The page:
2. Results

2.1. Overview of Proteomic Analysis (2D-LC-MS)

To gain insight into the effect of FAC-induced iron overload on HH4 cells, 2D-LC-MS were carried out to compare the protein profiles of HH4 cells stimulated by FAC at concentrations of 0 and 5 mM, respectively. A total of 2502 unique proteins were identified in both of the two independent replicate experiments. Among these, expression of 58 proteins was higher (more than 1.5-fold) and expression of 35 proteins was lower (less than 0.67 fold) in FAC-treatment HH4 cells compared to untreated cells (Figure 1A and Table 1). Next, we analyzed the main properties of these identified differentially expressed proteins using the Database for Annotation, Visualization and Integrated Discovery (DAVID) gene bioinformatic resources. The results showed these differentially expressed proteins are involved in various biological process mainly including response to wounding, di-, tri-valent inorganic cation homeostasis, regulation of growth, positive regulation of signal transduction, anti-apoptosis, inflammatory response, etc. (Figure 1B and Table 2).
In addition, Gene Ontology (GO) analysis revealed that the most common molecular functions were purine nucleotide binding, ribonucleotide binding, adenyl nucleotide binding and identical protein binding (Figure 1C). On the other hand, the major cellular component categories were membrane-enclosed lumen, mitochondrion, golgi apparatus, endoplasmic reticulum and cell surface (Figure 1D). Subsequently, on the basis of KEGG pathways, we found that highly significant enrichment was seen in several pathways mainly including lysosome, hematopoietic cell lineage and drug metabolism (Figure 1E).

2.2. Analysis of Proteomics Data

Next, we analyzed 93 differentially expressed proteins using Ingenuity Pathways Analysis (IPA) (Ingenuity Systems, Redwood, CA, USA, www.ingenuity.com). The metabolic and canonical pathways as well as the interconnecting proteins were generated.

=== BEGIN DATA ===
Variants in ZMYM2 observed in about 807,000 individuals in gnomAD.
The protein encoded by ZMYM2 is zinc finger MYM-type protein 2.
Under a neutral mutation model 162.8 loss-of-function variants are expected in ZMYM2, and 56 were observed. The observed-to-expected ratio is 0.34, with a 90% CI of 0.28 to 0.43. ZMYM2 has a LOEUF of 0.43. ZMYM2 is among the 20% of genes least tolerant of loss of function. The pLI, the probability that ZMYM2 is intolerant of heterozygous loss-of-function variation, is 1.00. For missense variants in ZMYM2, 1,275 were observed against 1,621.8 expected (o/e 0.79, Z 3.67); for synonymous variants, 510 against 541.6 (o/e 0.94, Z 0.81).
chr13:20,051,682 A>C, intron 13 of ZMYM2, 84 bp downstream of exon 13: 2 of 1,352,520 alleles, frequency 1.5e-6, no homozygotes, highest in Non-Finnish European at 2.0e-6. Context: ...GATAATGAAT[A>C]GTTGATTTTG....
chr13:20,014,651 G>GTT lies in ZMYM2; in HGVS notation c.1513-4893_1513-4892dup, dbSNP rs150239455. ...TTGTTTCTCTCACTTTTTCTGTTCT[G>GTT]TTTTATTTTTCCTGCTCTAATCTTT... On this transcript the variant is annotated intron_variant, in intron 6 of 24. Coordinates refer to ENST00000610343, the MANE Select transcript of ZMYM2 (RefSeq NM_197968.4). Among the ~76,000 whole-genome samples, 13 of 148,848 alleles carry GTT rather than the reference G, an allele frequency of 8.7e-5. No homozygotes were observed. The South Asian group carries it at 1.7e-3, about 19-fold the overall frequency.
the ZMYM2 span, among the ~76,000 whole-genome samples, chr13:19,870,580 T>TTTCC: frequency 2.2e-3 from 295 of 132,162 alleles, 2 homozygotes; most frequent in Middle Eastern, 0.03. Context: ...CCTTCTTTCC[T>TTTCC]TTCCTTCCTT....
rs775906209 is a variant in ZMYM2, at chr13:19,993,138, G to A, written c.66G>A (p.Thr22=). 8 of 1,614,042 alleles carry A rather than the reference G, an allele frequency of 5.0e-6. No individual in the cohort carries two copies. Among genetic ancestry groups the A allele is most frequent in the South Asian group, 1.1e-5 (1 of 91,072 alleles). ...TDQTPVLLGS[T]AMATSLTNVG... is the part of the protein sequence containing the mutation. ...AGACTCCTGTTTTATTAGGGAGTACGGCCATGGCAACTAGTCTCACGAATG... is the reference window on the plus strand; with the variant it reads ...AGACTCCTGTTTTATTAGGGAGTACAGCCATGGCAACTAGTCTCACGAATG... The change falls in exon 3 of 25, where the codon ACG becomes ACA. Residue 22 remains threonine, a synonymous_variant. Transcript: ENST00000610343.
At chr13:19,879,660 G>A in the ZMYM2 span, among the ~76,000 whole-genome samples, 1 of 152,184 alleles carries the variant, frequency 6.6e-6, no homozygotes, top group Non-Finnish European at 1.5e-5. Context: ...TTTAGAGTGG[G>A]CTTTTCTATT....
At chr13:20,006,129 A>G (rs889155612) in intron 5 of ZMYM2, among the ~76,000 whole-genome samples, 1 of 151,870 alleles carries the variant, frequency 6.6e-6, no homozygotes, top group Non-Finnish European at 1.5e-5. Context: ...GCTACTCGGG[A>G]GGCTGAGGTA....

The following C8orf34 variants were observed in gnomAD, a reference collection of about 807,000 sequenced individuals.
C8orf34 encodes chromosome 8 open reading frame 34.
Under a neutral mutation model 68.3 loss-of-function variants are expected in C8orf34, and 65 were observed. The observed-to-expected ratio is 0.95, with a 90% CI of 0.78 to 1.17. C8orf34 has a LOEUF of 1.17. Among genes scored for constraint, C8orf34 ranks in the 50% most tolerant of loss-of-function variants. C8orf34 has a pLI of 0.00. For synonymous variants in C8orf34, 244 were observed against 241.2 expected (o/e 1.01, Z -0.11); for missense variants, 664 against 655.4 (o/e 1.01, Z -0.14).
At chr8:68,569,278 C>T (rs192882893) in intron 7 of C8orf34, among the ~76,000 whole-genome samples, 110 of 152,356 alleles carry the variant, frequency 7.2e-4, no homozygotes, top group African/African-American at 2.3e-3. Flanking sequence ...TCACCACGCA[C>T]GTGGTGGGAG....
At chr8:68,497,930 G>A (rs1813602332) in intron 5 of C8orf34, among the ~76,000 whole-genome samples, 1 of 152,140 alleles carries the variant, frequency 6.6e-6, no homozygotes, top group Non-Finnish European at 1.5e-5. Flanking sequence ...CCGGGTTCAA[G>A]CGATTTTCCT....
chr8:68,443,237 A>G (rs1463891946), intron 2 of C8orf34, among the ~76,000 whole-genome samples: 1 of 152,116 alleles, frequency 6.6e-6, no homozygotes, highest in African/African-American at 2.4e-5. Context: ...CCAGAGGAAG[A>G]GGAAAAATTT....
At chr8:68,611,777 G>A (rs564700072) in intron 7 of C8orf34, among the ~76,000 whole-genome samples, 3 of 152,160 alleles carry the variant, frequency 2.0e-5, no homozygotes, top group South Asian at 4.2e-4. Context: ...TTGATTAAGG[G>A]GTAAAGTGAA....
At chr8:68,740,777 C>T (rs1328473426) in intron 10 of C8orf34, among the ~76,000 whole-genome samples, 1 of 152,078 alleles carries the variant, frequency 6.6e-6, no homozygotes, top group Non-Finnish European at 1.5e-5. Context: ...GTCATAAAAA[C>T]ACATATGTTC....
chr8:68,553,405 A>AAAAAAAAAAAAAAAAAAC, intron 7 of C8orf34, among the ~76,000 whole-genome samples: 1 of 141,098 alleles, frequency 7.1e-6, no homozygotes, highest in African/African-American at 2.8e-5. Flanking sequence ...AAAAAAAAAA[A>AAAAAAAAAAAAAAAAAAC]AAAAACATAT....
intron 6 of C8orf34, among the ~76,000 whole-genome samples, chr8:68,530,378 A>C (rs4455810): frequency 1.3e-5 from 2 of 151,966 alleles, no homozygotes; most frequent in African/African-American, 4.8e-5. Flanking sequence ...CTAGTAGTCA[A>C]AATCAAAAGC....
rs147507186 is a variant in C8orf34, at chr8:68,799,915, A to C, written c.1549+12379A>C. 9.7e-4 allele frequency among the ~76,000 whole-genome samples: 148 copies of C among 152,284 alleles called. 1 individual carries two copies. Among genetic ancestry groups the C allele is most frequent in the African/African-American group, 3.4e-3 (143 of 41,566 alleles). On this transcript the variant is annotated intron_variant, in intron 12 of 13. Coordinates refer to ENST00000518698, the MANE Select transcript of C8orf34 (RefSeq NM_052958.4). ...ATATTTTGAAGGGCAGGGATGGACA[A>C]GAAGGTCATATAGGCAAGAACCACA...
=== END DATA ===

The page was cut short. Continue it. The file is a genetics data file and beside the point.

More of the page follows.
The results showed that 13 proteins were involved in cell-to-cell signaling and interaction, inflammatory response and cellular movement pathway (Figure 2A). Twelve proteins were involved in cellular movement, inflammatory response and immune cell trafficking pathway (Figure 2B). These findings indicate that HH4 cell proteomes were markedly shifting after FAC overload treatment.

2.3. Validation of LC-MS/MS Results by RT-PCR

In order to verify the accuracy of protein identifications made by LC-MS/MS, we randomly selected 11 proteins from 93 differentially expressed proteins to validate their mRNA levels. The results, as shown in Figure 3A, indicate when HH4 cells were treated with 5 mM FAC for 24 h, mRNA levels of gene IL6ST, APP, TF, TLR2, MME, TfR1 and CHCHD2 increased 1.7, 1.7, 13.6, 4.6, 3.1, 1.7, and 1.9 times, respectively compared to untreated HH4 cells. In addition, as shown in Figure 3B, the mRNA levels of GLG1, THBS1, EHD2 and CYP1B1 reduced 0.7, 0.3, 0.5 and 0.7 times, respectively in FAC-treated cells compared to untreated HH4 cells. Our findings are consistent with the results from proteomic mass spectroscopy.

2.4. FAC-Induced Iron Overload Affected Iron Homeostasis Related Proteins

After annotated the function of 93 differentially expressed proteins, we found the level of intracellular iron homeostasis related proteins increased significantly in FAC treated HH4 cells, such as IL6ST, TF and TfR1. It is well known that hepcidin is the center regulator to ensure iron metabolism in steady state. Therefore, we were interested in whether FAC-induced iron overload can affect expression of hepcidin and iron regulatory related proteins. As shown in Figure 4A, mRNA levels of gene TfR2, IL-6, STAT3, hepcidin and ferritin significantly increased after 24 h of exposure to 5 mM FAC in HH4 cells, suggesting FAC exposure facilitated TF-TfR2 and IL 6-STAT3 signaling pathway to further activate hepcidin expression (Figure 4B).

2.5. FAC Overload Triggered TLR2-Mediated Inflammatory Response

In the foregoing analysis via GO and IPA, we noticed that TLR2 was involved in FAC-induced iron overload in HH4 cells (Figure 1B, Table 2, Figure 2A) and the mRNA level of TLR2 was also consistant with proteomics data (Figure 3A). We next investigated the protein level of TLR2 and its related pathway in FAC treated HH4 cells. As shown in Figure 5A, protein levels of TLR2 significantly increased in HH4 cells after 24 h of exposure to 5 mM FAC and its downstream factor, MyD88, was also significantly increased, indicating that FAC treatment activated the TLR2-MyD88 signaling pathway. In order to clarify the specific role of TLR2 in FAC treated hepatocytes, we next inhibited the endogenous TLR2 expression in HH4 cells using RNA interference.